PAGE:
A Message from Israel: Day 3 – Learning About the Hostages and Supporting Their Families

Rabbi Sue Shankman and some WHC members are currently in Israel. They will be providing updates of what they are seeing and feeling on this visit to the Holy Land. Read other entries: ArrivalDay 2 | Day 4

Today, we traveled to Kibbutz Gezer, where we joined Congregation Birkat Shalom for services. Birkat Shalom serves as the Reform congregation for the area.

As at Or Hadash the evening before, the service included prayers for the hostages. We also remembered Vivian Silver, a tireless activist who had dedicated her life to working for peace and justice in Gaza and was tragically killed on October 7th (though her death was not confirmed until five weeks later).

We concluded with an opportunity to hear from Lee Siegel, whose brother Keith Siegel is still being held hostage and whose sister-in-law Aviva was released as part of the exchanges at the end of November. Lee and his wife Sheli shared Aviva’s story on her behalf. Aviva has been outspoken in sharing the stories of sexual abuse and violence committed against the female hostages and advocating fiercely on their behalf.

We stopped for lunch in Jaffa before meeting with a Christian-Arab-Palestinian-Israeli woman in her home. Over Turkish coffee and baklava, we talked about the impact of the October 7th attack on her community, many of whom are Israeli citizens who have family in Gaza. She was thrilled to have us visit as we were the first group she had hosted since October 7. She reflected on the role of women in Arab culture, the difficulties inherent in being a small minority within the minority, as well as the ways in which the educational system is a commentary and reflection on society.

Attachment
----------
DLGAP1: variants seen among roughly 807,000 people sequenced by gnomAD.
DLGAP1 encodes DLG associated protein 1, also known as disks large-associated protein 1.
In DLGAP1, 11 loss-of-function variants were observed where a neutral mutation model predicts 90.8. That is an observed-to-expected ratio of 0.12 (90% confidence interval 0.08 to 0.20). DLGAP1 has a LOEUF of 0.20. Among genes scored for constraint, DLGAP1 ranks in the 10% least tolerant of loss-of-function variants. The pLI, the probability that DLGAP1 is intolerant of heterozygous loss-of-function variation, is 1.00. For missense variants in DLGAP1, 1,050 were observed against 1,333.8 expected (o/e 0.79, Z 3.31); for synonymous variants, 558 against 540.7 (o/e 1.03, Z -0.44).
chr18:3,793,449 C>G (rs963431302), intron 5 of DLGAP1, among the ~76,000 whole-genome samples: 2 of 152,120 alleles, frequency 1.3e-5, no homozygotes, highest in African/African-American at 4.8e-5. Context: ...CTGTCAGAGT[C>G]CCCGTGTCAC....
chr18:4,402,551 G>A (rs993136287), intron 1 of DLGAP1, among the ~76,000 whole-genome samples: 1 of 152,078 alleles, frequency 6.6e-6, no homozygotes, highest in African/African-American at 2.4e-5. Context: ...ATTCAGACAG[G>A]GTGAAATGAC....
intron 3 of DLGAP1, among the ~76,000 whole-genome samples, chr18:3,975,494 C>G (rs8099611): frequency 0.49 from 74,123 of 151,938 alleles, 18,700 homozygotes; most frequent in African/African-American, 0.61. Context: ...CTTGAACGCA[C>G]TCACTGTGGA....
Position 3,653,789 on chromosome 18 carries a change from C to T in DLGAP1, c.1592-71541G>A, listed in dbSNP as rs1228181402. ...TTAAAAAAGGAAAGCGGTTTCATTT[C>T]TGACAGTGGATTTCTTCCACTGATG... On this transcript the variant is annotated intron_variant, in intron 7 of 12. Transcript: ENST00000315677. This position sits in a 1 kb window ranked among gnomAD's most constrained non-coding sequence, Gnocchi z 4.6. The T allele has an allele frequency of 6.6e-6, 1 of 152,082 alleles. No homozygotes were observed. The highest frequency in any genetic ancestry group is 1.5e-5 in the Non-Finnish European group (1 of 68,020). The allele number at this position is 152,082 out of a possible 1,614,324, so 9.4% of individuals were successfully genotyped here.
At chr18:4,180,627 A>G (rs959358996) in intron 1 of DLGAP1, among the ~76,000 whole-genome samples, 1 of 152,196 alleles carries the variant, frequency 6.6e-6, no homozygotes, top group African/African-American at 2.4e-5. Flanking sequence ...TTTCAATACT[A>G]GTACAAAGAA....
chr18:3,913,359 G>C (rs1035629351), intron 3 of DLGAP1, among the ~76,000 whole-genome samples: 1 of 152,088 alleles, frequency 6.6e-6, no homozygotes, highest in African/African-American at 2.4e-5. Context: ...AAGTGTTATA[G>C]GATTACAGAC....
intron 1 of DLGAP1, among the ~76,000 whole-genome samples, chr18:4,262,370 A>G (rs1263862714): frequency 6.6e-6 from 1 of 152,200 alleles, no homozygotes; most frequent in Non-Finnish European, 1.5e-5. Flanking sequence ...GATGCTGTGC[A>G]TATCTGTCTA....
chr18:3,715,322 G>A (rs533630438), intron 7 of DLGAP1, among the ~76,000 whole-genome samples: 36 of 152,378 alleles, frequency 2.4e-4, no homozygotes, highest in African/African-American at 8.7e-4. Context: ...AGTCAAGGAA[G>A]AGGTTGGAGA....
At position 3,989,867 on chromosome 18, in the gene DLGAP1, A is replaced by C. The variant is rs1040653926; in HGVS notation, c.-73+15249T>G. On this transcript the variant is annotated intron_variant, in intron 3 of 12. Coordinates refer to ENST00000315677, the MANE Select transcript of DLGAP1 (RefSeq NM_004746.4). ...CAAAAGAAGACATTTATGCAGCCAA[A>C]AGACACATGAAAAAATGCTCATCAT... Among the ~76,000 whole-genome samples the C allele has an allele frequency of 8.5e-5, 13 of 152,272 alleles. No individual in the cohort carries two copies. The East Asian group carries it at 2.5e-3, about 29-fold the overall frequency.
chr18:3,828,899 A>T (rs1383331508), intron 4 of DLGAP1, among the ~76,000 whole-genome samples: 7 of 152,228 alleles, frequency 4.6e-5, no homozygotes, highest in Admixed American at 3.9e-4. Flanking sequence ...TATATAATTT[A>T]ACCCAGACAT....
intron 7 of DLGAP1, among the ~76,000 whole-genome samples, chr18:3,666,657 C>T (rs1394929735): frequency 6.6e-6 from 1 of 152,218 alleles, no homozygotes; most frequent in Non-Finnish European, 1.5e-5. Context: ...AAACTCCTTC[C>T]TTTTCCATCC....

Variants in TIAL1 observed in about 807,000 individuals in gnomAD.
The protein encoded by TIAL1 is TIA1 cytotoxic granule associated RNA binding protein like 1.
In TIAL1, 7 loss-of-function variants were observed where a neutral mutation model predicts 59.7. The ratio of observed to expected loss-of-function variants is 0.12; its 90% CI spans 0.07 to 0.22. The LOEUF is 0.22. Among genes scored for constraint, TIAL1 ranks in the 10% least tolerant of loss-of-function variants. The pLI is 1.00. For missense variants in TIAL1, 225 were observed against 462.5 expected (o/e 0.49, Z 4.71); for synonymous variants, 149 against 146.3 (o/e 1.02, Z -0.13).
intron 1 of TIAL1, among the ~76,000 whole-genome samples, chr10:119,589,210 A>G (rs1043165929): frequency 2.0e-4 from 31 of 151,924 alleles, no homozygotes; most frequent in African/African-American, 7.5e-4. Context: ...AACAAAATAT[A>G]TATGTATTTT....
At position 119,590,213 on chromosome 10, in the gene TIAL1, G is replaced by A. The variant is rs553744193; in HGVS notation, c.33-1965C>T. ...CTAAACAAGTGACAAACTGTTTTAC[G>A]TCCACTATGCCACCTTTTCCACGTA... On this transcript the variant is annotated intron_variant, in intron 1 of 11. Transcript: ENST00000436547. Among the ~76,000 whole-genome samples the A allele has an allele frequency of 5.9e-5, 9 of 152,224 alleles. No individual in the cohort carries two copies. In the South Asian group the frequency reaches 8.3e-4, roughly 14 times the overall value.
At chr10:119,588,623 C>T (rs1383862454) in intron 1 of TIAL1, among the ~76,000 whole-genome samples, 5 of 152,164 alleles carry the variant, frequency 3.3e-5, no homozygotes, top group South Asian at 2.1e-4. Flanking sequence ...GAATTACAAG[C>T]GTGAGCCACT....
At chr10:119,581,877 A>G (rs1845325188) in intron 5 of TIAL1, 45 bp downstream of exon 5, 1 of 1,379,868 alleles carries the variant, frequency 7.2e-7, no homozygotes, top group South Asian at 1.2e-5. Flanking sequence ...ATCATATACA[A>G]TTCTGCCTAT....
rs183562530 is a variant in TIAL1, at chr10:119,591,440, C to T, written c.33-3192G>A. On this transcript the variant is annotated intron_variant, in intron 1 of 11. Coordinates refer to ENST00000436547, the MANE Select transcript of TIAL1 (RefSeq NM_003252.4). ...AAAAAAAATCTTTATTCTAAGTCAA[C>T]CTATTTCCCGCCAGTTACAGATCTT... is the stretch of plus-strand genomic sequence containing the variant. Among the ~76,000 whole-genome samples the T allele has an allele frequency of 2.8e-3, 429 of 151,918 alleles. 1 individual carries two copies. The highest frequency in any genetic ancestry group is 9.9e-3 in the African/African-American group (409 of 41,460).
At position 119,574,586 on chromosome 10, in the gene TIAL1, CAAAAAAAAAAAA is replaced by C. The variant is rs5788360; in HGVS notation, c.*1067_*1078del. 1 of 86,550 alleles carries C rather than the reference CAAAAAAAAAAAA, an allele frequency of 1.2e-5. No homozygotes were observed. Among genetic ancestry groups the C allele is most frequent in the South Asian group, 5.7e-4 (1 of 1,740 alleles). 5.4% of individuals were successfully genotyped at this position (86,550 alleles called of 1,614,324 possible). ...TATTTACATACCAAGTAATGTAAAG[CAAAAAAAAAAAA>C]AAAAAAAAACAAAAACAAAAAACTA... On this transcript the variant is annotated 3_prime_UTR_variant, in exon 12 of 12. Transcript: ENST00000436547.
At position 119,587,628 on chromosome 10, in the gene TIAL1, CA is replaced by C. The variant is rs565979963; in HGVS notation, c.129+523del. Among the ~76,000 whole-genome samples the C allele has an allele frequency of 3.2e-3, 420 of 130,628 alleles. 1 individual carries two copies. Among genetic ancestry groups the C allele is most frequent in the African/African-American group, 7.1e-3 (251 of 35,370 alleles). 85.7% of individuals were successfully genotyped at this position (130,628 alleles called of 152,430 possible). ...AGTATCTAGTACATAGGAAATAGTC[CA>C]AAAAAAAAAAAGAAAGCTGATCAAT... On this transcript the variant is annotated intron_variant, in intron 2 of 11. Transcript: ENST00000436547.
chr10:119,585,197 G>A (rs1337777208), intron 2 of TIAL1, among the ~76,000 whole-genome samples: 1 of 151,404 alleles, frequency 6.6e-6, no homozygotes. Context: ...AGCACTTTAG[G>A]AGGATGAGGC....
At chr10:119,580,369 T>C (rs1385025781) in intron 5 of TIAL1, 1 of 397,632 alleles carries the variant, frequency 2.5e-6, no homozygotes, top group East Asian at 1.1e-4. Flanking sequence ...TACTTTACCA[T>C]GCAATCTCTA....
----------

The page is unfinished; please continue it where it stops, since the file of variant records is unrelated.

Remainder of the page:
That evening, we returned to Hostage Square for a moving Havdalah service with the Reform movement, and a number of us also attended the weekly rally for the hostages, sponsored by the Hostages and Missing Families Forum. It was an incredibly poignant experience to witness and stand with the families of the hostages, their friends, and an entire country that is holding such deep pain. We could feel the anguish of their frustration as they urged the government to bring the hostages home now. I attended the rally with dear friends who go every single week. We heard from 40 of the families at the rally, and at one point, I turned to them and asked, how can you do this every week? I then answered my own question—how can you not? There was something comforting about standing in community with others who share that pain, who each have their stories and connections, who are outraged that we were marking the 134th day of captivity as the clock on the Square reminded us.

And yet, at the end, the entire crowd joined in singing Hatikvah. As Jews, we continue to hold onto that Hope: Baruch Atah Adonai Eloheinu Melech HaOlam, matir asurim — Blessed are You, O God, who frees the captive.